Off-White™ finds itself in an interesting position this season. Virgil Abloh’s label is the first of its kind, a vehicle for making streetwear more legitimate in a space where it once didn’t belong. In the process, it has become a valuable luxury brand in itself, a label that caught the eye of LVMH, positioning Abloh for his second job as men’s artistic director of Louis Vuitton.
And it seems LVMH is still paying attention to the new luxury and its consumer, recently launching Rihanna’s Fenty luxury house. Off-White™, meanwhile, remains part of the New Guards Group, the Italian company that also oversees Palm Angels, Heron Preston, and Marcelo Burlon. So far this season has been all about recollection, from Heron Preston’s New York nostalgia to Alexandre Mattiussi’s return-to-roots meditative menswear at AMI.
For Abloh, the “recycle, reduce, reuse” approach in his Spring/Summer 2020 collection manifests in a few different ways. Titled “PLASTIC,” the show was presented “in conversation” with artist Lenny McGurr, better known as Futura. It made frequent use of his Pointman character, first created for electronic act UNKLE in collaboration with James Lavelle.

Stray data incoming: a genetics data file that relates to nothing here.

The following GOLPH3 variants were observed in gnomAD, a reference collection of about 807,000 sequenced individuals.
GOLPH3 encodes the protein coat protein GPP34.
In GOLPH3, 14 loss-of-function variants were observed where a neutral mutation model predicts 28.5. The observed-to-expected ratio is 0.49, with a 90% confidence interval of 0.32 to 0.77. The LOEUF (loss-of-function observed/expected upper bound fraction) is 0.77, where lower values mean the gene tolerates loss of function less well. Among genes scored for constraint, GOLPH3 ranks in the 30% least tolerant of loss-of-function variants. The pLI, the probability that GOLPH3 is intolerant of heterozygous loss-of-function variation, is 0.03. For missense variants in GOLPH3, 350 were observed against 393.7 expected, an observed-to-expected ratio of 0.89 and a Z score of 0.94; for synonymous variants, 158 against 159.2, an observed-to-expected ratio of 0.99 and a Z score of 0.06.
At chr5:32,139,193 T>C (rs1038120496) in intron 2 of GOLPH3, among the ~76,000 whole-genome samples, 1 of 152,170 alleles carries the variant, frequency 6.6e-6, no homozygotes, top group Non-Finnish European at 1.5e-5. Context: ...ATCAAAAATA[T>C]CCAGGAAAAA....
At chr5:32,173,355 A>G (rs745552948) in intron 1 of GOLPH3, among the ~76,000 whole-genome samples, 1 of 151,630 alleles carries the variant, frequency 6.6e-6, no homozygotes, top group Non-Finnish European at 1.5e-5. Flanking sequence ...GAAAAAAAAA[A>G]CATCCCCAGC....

Of course, no conversation about plastic comes without talk of sustainability, and the Futura sculpture that stood on the runway contained elements made from recycled plastic, although the artist says he has been exploring different options in the hope of eventually using fully recycled materials one day.
Ever the DJ, Abloh took sampling to new heights with this collection, even seeming to reference his own archive as well as Futura’s. The artist is particularly impressed by how Abloh has taken some of his older paintings and turned them into fabrics for dresses and jackets.
Given that Abloh has a mid-career retrospective currently on display at Chicago’s MCA, it’s understandable that he would feel a bit nostalgic. Here, tie-dyed military trousers and collaborative Nike Dunk Lows with Futura channeled his past works for both Louis Vuitton and Nike.
“Those are unreal,” said Futura of the sneakers backstage. For now, he says, they’re unique to the show, but the artist hopes to see an official release: “I don’t know what’s gonna happen, but I guess based on the response, we have to make them.”
Futura also agrees that Dunks are due for a comeback in general. After all, he’s the artist behind one of the most covetable Nike SB Dunks of all time. But beyond sneakers, Futura is also experiencing a comeback of sorts alongside Abloh, with whom he’s been working in various ways since last season’s Louis Vuitton show.
“I’m very grateful with how he’s working with me and introducing me to a much younger audience,” Futura says. “There’s still a lot of people whom I’d like to put on to my story, and he’s helping me tell that story.”